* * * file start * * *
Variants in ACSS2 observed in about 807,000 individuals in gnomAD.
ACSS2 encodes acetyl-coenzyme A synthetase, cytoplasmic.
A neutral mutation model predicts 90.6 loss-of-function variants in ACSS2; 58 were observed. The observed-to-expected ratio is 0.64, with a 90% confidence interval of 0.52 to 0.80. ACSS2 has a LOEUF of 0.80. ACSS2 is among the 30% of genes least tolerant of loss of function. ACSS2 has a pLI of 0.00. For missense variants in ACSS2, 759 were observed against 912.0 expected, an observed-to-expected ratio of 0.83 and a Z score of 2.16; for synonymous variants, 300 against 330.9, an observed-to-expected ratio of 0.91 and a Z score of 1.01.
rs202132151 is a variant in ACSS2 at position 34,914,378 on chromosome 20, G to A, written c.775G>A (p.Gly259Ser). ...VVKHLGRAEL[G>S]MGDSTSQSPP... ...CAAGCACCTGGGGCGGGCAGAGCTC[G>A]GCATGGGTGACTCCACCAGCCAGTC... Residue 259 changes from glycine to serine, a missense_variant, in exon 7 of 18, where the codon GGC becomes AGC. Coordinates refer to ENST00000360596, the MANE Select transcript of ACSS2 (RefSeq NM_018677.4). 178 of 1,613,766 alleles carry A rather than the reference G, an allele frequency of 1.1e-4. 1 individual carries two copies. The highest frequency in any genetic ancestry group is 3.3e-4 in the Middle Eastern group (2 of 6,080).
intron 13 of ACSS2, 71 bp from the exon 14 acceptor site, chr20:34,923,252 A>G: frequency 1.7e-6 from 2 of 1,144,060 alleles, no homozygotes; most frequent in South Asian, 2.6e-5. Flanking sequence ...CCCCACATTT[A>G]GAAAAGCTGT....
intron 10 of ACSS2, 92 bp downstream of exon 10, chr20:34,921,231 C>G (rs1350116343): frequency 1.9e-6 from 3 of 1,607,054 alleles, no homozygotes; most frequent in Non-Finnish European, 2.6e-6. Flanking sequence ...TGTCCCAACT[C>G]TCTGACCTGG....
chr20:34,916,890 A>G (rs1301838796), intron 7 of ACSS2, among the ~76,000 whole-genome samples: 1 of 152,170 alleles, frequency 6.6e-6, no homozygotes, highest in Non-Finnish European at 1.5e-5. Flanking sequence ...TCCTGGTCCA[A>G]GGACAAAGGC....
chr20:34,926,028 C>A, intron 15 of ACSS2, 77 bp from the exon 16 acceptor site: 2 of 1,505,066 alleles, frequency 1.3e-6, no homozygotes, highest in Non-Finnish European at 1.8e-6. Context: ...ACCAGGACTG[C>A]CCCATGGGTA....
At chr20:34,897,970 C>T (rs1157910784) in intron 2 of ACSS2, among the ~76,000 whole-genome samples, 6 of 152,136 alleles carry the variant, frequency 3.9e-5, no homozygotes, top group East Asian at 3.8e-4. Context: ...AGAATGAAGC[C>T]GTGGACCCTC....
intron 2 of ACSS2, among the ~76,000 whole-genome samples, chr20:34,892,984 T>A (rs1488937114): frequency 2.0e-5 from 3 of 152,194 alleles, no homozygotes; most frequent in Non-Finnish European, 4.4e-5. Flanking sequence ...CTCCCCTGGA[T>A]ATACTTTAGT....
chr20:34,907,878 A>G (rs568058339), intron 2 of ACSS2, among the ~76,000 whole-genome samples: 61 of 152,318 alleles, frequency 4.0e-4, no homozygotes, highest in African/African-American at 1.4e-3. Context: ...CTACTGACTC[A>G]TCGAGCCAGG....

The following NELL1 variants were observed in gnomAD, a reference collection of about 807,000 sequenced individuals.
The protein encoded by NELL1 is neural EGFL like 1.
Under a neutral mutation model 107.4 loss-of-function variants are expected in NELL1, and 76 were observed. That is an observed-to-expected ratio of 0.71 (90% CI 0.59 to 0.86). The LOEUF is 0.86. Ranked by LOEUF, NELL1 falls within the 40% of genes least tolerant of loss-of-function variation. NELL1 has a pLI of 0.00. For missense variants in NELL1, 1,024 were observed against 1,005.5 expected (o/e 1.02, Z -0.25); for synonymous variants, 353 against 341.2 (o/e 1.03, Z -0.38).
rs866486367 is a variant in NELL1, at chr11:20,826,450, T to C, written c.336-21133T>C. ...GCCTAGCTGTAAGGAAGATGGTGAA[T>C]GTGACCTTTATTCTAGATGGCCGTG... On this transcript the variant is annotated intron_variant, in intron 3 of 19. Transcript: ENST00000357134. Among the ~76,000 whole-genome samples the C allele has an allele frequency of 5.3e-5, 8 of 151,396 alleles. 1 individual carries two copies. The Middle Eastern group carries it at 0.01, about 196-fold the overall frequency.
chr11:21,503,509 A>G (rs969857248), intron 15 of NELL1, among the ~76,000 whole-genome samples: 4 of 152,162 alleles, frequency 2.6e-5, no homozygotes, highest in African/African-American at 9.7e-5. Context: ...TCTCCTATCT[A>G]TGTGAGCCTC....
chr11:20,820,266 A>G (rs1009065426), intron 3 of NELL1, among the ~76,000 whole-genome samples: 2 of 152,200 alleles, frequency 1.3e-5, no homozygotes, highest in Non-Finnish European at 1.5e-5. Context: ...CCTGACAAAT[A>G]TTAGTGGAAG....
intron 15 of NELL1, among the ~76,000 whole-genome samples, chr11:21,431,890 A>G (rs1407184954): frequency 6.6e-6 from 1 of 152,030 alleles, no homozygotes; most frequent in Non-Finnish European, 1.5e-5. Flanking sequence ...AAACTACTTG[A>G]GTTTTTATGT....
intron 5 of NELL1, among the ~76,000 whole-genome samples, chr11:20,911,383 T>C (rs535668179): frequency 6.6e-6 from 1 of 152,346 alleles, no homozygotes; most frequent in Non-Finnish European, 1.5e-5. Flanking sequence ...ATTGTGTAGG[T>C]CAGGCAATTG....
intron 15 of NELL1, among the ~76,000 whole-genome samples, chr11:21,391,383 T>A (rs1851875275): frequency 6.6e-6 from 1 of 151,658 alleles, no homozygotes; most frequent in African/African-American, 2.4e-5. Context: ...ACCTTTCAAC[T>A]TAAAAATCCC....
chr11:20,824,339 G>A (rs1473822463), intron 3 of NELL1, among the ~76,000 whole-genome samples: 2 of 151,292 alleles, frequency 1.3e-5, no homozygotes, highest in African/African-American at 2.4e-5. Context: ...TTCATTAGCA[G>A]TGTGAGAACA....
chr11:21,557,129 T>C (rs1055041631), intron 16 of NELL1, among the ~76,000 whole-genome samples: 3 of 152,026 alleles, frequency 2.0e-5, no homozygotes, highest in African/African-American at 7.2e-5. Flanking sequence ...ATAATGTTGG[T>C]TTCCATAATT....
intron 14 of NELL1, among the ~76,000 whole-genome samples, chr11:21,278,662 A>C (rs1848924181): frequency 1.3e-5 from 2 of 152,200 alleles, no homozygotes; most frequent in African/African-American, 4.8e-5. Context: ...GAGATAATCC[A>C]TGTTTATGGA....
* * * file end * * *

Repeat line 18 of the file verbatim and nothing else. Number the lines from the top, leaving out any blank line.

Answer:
intron 15 of NELL1, among the ~76,000 whole-genome samples, chr11:21,431,890 A>G (rs1407184954): frequency 6.6e-6 from 1 of 152,030 alleles, no homozygotes; most frequent in Non-Finnish European, 1.5e-5. Flanking sequence ...AAACTACTTG[A>G]GTTTTTATGT....